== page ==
It’s day 11 of 100 Days of Making! I didn’t have a whole lot of time to work on The Red River Wrap since last week, but I did find time to make this swatch in the yarn I’ll be using for the sample. I wanted to see how the colors would look in the lace pattern, and I wanted to play with the size a little.
I decided that the lace motifs were too large in my original swatch so I used a smaller needle. I also wet blocked and pinned the swatch, but removed the pins before it was completely dry, allowing the fabric to bounce back a little. The fabric of this swatch is exactly what I wanted, except for all the plain stockinette between the motifs. My charts only show the right-side rows, so what looks like 4 rows on the chart is actually 8 rows in knitting. So I played with the charts a little, removing some of the extra rows, and made another swatch.
I like this one much better, but do you see how different the colors look in both swatches? I’m using 2 skeins of hand-dyed yarn, and each swatch was started with a different skein. I will have to alternate skeins to blend the colors together when I knit the sample, so I tried that on the top of the swatch on the left. I think it actually makes the color scheme more interesting. Alternating skeins is a bit of a bother, but it’s definitely worth it!
I made some progress on the pattern too; I broke the lace patterns into five charts and I wrote the directions for each one. I still have to determine how many rows to work in each section, what type of border to add, and write the rest of the directions, but I should have time to do that next week, and then I’ll have the last week in February free to knit the sample.
The thing in this bag is what has been taking up most of my knitting and pattern writing time. I have made a good bit of progress on it this week, but I can’t share many details. I can tell you that the pattern will be in an upcoming issue of knit.purl magazine, and I am using this absolutely delectable yarn from Shibui.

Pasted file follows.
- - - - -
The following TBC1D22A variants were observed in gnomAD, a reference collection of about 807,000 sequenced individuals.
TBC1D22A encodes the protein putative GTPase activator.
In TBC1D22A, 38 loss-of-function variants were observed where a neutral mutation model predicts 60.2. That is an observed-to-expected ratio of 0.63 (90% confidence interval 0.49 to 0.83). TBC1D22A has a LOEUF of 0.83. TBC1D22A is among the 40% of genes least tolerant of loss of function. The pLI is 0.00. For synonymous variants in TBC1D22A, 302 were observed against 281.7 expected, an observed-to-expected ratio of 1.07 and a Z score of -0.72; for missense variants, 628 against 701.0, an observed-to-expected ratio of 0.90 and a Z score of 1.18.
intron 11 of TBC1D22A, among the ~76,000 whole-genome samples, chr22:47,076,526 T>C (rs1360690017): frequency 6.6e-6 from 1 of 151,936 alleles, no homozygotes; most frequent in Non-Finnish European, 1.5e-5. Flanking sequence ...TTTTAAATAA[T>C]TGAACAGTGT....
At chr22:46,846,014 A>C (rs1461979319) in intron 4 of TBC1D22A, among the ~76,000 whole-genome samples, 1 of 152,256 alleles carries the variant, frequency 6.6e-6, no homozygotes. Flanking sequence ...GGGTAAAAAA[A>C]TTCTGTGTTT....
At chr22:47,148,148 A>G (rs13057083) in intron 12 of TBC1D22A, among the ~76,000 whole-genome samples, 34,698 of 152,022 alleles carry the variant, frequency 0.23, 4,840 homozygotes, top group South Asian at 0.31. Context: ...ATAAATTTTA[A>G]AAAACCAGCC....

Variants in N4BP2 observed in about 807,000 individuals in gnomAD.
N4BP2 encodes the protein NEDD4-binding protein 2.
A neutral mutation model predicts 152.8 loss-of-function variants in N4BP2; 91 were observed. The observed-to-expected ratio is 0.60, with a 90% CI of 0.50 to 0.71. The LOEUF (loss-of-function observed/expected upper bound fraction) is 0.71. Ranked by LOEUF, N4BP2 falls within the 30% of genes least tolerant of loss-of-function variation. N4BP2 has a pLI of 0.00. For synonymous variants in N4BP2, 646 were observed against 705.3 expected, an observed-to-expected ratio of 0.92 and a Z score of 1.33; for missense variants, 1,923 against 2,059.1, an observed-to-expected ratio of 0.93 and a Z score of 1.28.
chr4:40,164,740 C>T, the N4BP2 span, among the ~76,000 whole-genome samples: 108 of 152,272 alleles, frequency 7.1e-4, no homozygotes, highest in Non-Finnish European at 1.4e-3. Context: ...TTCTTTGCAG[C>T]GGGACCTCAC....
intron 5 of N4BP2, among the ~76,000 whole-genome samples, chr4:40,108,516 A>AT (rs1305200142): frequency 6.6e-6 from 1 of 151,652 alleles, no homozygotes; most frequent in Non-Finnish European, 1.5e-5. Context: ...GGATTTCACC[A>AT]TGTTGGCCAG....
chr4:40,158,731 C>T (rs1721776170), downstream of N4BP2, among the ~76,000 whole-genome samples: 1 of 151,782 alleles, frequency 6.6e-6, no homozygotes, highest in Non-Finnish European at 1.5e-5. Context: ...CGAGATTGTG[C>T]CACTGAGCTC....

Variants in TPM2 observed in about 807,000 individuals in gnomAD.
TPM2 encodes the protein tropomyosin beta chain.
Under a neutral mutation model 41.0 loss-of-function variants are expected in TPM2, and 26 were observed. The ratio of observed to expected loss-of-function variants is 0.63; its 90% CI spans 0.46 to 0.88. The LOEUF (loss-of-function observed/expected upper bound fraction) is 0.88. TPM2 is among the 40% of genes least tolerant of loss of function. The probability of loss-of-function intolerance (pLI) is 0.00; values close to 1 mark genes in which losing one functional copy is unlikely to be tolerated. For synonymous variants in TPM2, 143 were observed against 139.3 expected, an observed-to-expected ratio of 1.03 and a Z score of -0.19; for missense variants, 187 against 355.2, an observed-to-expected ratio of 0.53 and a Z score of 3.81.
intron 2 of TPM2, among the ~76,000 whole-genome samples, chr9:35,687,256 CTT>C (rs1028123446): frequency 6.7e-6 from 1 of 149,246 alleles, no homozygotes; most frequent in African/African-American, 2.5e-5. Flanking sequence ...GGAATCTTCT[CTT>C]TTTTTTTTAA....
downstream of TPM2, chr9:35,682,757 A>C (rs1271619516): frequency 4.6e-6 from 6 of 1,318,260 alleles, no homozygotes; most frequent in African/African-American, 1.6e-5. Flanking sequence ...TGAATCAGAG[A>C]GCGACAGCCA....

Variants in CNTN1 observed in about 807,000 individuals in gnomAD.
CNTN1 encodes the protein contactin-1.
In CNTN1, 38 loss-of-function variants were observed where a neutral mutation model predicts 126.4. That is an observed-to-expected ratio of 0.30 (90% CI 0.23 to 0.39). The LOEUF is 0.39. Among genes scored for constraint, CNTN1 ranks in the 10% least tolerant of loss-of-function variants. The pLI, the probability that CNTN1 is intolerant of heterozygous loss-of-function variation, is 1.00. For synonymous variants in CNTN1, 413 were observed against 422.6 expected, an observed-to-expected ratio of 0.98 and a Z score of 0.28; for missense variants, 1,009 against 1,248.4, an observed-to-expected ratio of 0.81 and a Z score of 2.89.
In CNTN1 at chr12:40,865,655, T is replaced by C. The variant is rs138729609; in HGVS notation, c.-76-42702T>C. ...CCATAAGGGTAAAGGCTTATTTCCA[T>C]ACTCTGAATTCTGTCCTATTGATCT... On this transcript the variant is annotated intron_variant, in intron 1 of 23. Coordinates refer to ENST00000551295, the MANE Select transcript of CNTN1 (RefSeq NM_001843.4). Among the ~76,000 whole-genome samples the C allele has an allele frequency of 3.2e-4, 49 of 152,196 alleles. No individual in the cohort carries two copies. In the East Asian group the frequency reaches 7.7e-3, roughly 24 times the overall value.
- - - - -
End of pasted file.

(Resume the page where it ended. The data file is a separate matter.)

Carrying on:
It’s a blend of recycled silk, fine merino, and cashmere, and it has a softness like a vintage t-shirt, despite it’s rustic appearance. It is a pleasure to knit.
I always have a project in a my purse to for all those moments when I simply have to wait, and I did a lot of waiting this week! My current purse project is a pair of ribbed arm warmers in Woolfolk Sno.
Sno is a pure merino wool that that is softer than any other wool I’ve felt. It reminds me a little of angora, with its delicate halo, but it doesn’t shed like angora does. I had started knitting a shawl with this yarn, but when I discovered a mistake 80 rows down I ripped the whole thing out and didn’t start it over. Then there were several days in January when I found myself walking around outside with my camera and cold hands, and that gave me the idea for these arm warmers. I had thought of doing some fancy cables, and even spent some time making the charts, but in the end I decided simple is better, and these will be worked entirely in ribbing. Now that I’ve made up my mind about the pattern the knitting is going very quickly and I expect to have these done by next week, which is too bad, because then I’ll have to revert to boring gray socks for my purse knitting.
And that is my making progress so far! More to come next week, but until then, happy making!
February 11, 2016 @ 12:54 pm
Beautiful Kephren, as usual! Gauge, gauge, gauge!
February 11, 2016 @ 1:46 pm
I am undecided. I like both swatches, for different reasons. The first one, with more stockinette, shows each element of the pattern more. However, the second one is more lacy. Glad I am not the one making the decision.